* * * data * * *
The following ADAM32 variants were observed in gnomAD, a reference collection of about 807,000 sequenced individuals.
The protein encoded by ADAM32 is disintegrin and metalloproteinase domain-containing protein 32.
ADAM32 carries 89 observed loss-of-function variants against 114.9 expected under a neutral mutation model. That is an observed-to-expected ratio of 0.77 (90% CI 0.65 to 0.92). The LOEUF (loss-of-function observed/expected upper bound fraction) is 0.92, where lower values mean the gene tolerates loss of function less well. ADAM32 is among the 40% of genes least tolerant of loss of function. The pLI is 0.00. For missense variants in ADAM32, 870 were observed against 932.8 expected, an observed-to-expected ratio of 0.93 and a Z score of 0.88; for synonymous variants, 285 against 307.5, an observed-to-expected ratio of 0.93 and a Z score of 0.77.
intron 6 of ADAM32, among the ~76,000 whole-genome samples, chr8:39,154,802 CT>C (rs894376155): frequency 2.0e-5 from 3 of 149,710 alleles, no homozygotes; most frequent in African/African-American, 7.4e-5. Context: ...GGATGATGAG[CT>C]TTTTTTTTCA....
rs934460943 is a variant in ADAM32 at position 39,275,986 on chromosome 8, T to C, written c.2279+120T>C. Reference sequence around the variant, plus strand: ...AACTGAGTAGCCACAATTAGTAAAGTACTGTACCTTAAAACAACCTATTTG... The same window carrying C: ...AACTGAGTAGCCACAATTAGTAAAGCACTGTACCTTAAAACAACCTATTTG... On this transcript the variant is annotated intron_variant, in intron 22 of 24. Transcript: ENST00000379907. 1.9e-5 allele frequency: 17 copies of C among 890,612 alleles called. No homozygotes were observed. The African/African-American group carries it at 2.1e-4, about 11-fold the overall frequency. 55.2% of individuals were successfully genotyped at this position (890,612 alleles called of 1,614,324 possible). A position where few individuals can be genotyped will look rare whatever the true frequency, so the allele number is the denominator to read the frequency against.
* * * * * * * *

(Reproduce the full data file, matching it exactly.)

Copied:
The following ADAM32 variants were observed in gnomAD, a reference collection of about 807,000 sequenced individuals.
The protein encoded by ADAM32 is disintegrin and metalloproteinase domain-containing protein 32.
ADAM32 carries 89 observed loss-of-function variants against 114.9 expected under a neutral mutation model. That is an observed-to-expected ratio of 0.77 (90% CI 0.65 to 0.92). The LOEUF (loss-of-function observed/expected upper bound fraction) is 0.92, where lower values mean the gene tolerates loss of function less well. ADAM32 is among the 40% of genes least tolerant of loss of function. The pLI is 0.00. For missense variants in ADAM32, 870 were observed against 932.8 expected, an observed-to-expected ratio of 0.93 and a Z score of 0.88; for synonymous variants, 285 against 307.5, an observed-to-expected ratio of 0.93 and a Z score of 0.77.
intron 6 of ADAM32, among the ~76,000 whole-genome samples, chr8:39,154,802 CT>C (rs894376155): frequency 2.0e-5 from 3 of 149,710 alleles, no homozygotes; most frequent in African/African-American, 7.4e-5. Context: ...GGATGATGAG[CT>C]TTTTTTTTCA....
rs934460943 is a variant in ADAM32 at position 39,275,986 on chromosome 8, T to C, written c.2279+120T>C. Reference sequence around the variant, plus strand: ...AACTGAGTAGCCACAATTAGTAAAGTACTGTACCTTAAAACAACCTATTTG... The same window carrying C: ...AACTGAGTAGCCACAATTAGTAAAGCACTGTACCTTAAAACAACCTATTTG... On this transcript the variant is annotated intron_variant, in intron 22 of 24. Transcript: ENST00000379907. 1.9e-5 allele frequency: 17 copies of C among 890,612 alleles called. No homozygotes were observed. The African/African-American group carries it at 2.1e-4, about 11-fold the overall frequency. 55.2% of individuals were successfully genotyped at this position (890,612 alleles called of 1,614,324 possible). A position where few individuals can be genotyped will look rare whatever the true frequency, so the allele number is the denominator to read the frequency against.